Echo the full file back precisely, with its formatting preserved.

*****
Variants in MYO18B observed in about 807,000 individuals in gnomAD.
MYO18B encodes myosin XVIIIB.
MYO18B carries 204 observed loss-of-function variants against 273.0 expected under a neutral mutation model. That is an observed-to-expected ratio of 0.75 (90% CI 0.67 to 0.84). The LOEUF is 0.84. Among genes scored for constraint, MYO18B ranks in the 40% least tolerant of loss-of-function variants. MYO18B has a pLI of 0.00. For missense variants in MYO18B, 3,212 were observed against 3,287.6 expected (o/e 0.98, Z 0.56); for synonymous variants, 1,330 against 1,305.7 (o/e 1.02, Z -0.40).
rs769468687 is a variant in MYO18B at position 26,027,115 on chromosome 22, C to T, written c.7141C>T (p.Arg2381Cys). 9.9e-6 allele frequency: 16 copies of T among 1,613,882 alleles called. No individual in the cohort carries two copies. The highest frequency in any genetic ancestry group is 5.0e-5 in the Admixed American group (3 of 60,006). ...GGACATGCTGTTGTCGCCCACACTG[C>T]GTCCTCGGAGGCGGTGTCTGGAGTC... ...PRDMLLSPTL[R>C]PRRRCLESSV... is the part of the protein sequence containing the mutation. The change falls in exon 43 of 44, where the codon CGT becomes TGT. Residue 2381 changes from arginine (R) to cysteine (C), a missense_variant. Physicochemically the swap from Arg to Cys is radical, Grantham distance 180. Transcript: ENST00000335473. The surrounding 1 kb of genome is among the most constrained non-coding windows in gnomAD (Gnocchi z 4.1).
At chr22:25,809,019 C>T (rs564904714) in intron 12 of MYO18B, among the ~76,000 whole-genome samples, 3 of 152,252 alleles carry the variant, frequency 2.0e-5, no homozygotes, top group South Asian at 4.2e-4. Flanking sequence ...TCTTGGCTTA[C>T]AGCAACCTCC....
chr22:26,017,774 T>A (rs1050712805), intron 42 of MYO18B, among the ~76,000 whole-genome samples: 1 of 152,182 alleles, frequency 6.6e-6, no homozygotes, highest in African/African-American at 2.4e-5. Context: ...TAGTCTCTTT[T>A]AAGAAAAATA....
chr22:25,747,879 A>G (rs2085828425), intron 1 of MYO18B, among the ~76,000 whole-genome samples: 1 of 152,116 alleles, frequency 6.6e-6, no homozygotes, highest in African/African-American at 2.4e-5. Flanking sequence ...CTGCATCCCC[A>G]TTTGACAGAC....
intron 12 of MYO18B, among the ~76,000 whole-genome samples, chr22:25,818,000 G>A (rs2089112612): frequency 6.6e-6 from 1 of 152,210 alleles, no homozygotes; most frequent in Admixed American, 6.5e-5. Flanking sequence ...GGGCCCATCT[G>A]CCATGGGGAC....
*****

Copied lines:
Variants in MYO18B observed in about 807,000 individuals in gnomAD.
MYO18B encodes myosin XVIIIB.
MYO18B carries 204 observed loss-of-function variants against 273.0 expected under a neutral mutation model. That is an observed-to-expected ratio of 0.75 (90% CI 0.67 to 0.84). The LOEUF is 0.84. Among genes scored for constraint, MYO18B ranks in the 40% least tolerant of loss-of-function variants. MYO18B has a pLI of 0.00. For missense variants in MYO18B, 3,212 were observed against 3,287.6 expected (o/e 0.98, Z 0.56); for synonymous variants, 1,330 against 1,305.7 (o/e 1.02, Z -0.40).
rs769468687 is a variant in MYO18B at position 26,027,115 on chromosome 22, C to T, written c.7141C>T (p.Arg2381Cys). 9.9e-6 allele frequency: 16 copies of T among 1,613,882 alleles called. No individual in the cohort carries two copies. The highest frequency in any genetic ancestry group is 5.0e-5 in the Admixed American group (3 of 60,006). ...GGACATGCTGTTGTCGCCCACACTG[C>T]GTCCTCGGAGGCGGTGTCTGGAGTC... ...PRDMLLSPTL[R>C]PRRRCLESSV... is the part of the protein sequence containing the mutation. The change falls in exon 43 of 44, where the codon CGT becomes TGT. Residue 2381 changes from arginine (R) to cysteine (C), a missense_variant. Physicochemically the swap from Arg to Cys is radical, Grantham distance 180. Transcript: ENST00000335473. The surrounding 1 kb of genome is among the most constrained non-coding windows in gnomAD (Gnocchi z 4.1).
At chr22:25,809,019 C>T (rs564904714) in intron 12 of MYO18B, among the ~76,000 whole-genome samples, 3 of 152,252 alleles carry the variant, frequency 2.0e-5, no homozygotes, top group South Asian at 4.2e-4. Flanking sequence ...TCTTGGCTTA[C>T]AGCAACCTCC....
chr22:26,017,774 T>A (rs1050712805), intron 42 of MYO18B, among the ~76,000 whole-genome samples: 1 of 152,182 alleles, frequency 6.6e-6, no homozygotes, highest in African/African-American at 2.4e-5. Context: ...TAGTCTCTTT[T>A]AAGAAAAATA....
chr22:25,747,879 A>G (rs2085828425), intron 1 of MYO18B, among the ~76,000 whole-genome samples: 1 of 152,116 alleles, frequency 6.6e-6, no homozygotes, highest in African/African-American at 2.4e-5. Flanking sequence ...CTGCATCCCC[A>G]TTTGACAGAC....
intron 12 of MYO18B, among the ~76,000 whole-genome samples, chr22:25,818,000 G>A (rs2089112612): frequency 6.6e-6 from 1 of 152,210 alleles, no homozygotes; most frequent in Admixed American, 6.5e-5. Flanking sequence ...GGGCCCATCT[G>A]CCATGGGGAC....